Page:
Tags: Mystery, horses, French Resistance, Thoroughbreds, Lexington, WWII, OSS historical, crime, architecture, horse racing, equine pharmaceuticals, family business, France, Christian
didnât look as though sheâd noticed. âIâm really sorry this happened to Toss. I am. But weâve still got mares foaling. Weâre trying to get yearlings ready for the July sales. And how can Toss even live on his own if both legs are hurt? Heâll probably be in a wheelchair for weeks. Though thatâs hard to imagine, for anyone who knows Toss.â
âMiss Jo?â Buddy was back from calling his wife, standing in front of her chair.
âThanks for taking care of Toss, Buddy. Did you drive him, or get an ambulance?â
âDrove. You want me to take his truck on back and do the late-night rounds, or you want me to wait for you?â
Alan said heâd be happy to drive her home.
So Jo asked Buddy to check every mare and baby the way Toss did at night, then fill buckets and feed more hay. âIs Walter coming in to help, in case somebody foals?â
âYep. Oh, I meant to tell ya too, some lady come after supper, and rode Sam, and sheâs gunna buy him. Her and Toss made a deal. Sheâs from over to Louisville, and she seemed like a real nice lady.â
âI see.â Jo was looking at Buddy as though that had been completely unexpected and might not actually be welcome. âLet Emmy out too, okay? Walk her around and make sure she pees, and then put her back in the pantry.â
âIâll get goinâ, and talk to you later.â
Jo got up and followed him down the hall, then came back and paced some more, before she sat back down.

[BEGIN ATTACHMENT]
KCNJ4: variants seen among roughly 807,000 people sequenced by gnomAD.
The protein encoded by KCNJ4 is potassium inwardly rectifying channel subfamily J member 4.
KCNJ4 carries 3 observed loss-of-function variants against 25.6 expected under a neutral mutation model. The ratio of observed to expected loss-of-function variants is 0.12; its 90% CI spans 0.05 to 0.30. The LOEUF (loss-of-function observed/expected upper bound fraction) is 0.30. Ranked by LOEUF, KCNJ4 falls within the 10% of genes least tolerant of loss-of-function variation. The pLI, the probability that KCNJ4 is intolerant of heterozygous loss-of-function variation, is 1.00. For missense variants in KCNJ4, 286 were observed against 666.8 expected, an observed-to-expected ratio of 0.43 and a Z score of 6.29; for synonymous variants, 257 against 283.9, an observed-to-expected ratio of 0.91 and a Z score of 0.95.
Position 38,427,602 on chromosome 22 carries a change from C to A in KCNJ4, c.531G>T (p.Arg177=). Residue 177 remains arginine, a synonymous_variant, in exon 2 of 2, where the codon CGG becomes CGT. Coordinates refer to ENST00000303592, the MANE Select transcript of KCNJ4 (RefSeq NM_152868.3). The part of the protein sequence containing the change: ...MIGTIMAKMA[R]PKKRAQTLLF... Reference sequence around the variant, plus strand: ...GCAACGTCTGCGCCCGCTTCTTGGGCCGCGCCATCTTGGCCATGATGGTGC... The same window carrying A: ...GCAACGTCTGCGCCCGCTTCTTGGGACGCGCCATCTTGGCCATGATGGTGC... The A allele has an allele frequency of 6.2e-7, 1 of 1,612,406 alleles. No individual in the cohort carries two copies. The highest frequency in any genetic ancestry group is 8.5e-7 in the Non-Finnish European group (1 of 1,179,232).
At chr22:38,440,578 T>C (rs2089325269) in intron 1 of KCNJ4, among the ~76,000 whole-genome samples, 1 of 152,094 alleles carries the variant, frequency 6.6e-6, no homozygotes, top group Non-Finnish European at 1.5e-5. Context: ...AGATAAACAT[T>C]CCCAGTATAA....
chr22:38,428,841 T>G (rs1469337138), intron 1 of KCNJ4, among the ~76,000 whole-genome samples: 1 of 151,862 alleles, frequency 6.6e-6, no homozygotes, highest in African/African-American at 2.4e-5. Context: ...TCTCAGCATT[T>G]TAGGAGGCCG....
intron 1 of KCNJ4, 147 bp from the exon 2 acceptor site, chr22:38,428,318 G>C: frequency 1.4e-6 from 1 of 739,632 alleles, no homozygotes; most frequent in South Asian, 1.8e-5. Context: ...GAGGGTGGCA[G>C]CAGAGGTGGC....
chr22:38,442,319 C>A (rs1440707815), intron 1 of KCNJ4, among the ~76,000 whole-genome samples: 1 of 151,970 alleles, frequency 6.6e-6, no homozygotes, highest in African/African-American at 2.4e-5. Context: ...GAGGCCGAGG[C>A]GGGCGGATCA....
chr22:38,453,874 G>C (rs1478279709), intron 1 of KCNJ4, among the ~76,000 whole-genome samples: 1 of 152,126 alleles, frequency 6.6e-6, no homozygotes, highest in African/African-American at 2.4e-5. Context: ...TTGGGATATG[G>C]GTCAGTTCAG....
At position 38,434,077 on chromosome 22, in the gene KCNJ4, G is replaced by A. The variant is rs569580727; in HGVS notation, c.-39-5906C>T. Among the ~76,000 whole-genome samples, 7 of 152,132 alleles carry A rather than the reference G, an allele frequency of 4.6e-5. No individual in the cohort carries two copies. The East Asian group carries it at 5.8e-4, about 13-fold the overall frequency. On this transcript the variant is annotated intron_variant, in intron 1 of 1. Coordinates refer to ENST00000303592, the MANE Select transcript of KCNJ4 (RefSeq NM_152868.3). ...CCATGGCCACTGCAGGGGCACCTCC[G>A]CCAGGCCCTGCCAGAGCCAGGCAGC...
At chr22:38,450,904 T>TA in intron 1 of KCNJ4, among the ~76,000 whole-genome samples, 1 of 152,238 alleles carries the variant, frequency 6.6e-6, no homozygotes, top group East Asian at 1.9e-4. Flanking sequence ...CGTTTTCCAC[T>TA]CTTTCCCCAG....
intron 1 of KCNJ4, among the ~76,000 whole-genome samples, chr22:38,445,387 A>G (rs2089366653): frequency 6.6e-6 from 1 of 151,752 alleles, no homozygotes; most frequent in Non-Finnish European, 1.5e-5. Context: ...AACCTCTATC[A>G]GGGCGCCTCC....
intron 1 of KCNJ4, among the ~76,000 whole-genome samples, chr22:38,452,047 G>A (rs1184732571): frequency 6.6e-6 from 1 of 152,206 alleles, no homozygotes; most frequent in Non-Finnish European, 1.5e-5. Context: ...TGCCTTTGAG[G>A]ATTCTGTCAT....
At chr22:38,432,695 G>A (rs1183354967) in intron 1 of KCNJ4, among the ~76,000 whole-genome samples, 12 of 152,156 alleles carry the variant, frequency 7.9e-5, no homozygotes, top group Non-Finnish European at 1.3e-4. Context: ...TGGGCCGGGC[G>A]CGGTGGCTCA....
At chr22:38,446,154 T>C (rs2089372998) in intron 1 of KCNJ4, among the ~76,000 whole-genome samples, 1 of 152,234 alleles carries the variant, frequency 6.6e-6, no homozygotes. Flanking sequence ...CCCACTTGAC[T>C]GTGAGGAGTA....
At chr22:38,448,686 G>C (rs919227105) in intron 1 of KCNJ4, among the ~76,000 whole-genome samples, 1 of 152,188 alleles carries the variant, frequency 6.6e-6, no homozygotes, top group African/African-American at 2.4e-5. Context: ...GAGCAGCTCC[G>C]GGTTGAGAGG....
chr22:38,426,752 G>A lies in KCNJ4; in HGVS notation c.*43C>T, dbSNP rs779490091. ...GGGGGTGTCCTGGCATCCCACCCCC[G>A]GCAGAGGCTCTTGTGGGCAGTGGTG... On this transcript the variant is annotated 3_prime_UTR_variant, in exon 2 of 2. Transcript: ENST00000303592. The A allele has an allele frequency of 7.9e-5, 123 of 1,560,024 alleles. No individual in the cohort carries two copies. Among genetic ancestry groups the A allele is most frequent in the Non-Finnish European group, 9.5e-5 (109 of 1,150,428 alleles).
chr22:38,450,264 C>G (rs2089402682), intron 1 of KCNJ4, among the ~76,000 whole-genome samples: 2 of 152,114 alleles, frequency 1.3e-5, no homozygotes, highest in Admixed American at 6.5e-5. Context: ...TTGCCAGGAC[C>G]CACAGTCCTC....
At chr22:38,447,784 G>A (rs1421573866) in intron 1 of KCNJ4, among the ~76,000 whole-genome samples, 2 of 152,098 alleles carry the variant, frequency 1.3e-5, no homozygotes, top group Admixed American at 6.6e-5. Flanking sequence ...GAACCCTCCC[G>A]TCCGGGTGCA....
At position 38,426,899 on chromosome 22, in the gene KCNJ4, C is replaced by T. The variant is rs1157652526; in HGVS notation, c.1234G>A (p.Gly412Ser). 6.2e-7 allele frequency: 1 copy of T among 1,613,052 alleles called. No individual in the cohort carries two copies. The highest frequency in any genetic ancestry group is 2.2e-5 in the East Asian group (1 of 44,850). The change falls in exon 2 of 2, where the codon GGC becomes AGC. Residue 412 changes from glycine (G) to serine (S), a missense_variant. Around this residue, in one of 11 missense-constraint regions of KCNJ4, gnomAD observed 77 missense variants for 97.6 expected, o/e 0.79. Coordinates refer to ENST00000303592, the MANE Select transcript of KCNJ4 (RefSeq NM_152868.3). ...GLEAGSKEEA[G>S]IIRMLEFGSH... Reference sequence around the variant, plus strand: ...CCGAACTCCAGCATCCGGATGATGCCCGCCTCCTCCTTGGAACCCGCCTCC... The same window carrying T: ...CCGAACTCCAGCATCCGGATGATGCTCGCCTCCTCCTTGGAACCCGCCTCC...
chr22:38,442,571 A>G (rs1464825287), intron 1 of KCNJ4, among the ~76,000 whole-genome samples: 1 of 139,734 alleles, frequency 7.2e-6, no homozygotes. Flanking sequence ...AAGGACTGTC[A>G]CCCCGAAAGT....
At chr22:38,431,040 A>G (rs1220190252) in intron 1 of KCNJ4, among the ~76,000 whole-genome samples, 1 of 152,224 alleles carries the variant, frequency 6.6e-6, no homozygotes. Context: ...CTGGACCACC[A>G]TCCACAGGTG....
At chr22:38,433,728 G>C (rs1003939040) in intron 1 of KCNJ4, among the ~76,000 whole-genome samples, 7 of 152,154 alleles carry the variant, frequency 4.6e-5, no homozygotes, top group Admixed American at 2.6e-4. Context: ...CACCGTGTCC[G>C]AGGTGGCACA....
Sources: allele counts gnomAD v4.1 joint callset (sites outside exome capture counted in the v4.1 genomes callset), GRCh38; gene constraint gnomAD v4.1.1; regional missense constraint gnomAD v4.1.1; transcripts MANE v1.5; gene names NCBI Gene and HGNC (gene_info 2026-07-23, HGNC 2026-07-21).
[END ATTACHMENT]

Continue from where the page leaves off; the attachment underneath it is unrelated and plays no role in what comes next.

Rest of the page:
âYou didnât look too happy about Sam getting sold.â Alan was smiling at her like an older brother who knew something she didnât.
âItâs not that. You just never know how some stranger will take care of your horse. Sam deserves a good home.â
âThatâs what Tom thought too. You want a cup of coffee?â
âI do. Thanks.â
âCould I see Sam one more time when I drive you home? I donât know anything about horses, but Iâd actually like to learn to ride. It comes from watching Tom and Sam. You take your coffee black, right?â
Five minutes after Alan went off, a tall, bony, tired looking doctor with a surgical mask hanging around his neck walked down the hall toward Jo. âYouâre here with Mr. Watkins?
âYes. Iâm Jo Grant, his niece.â
âHe came through surgery fine, but heâs got a compound fracture of the left tibia. Thatâs the larger bone in the lower leg. We had to put in screws that weâll take out later. The right femur, the thigh bone, is cracked too. He should be fine in the long run. Heâs strong as an ox, but recoveryâs going to take awhile. Heâs got casts on both legs.â
âWhen do you think heâll come home?â
âMaybe tomorrow, or the day after. Heâll be in recovery most of the night. You might as well go on home and call us in the morning.â
Alan parked by the house so Jo could change before they headed to the barns.
It was a clear night, and the sky was endless â the half moon milky and soft, the stars burning crystals, the breeze warm on their skin.
They walked slowly, both of them looking up in amazement â till Alan asked Jo what bothered her most about Toss getting hurt.
Jo stopped in her tracks, and Emmy the puppy, being led on a lead to keep her from the horses, ran into the back of Joâs paddock boots and fell right on her nose. âThatâs an odd way to put it.â
âPossibly. But still. What about Toss?â
âI feel sorry for him. Itâll be miserable getting over this, but Toss is tough, and he wonât complain once. The trouble will be holding him down.â
âI donât want to stay home and run the farm, and not go see the architecture Iâve been wanting to see for years. I was going to be gone for a month or more. But now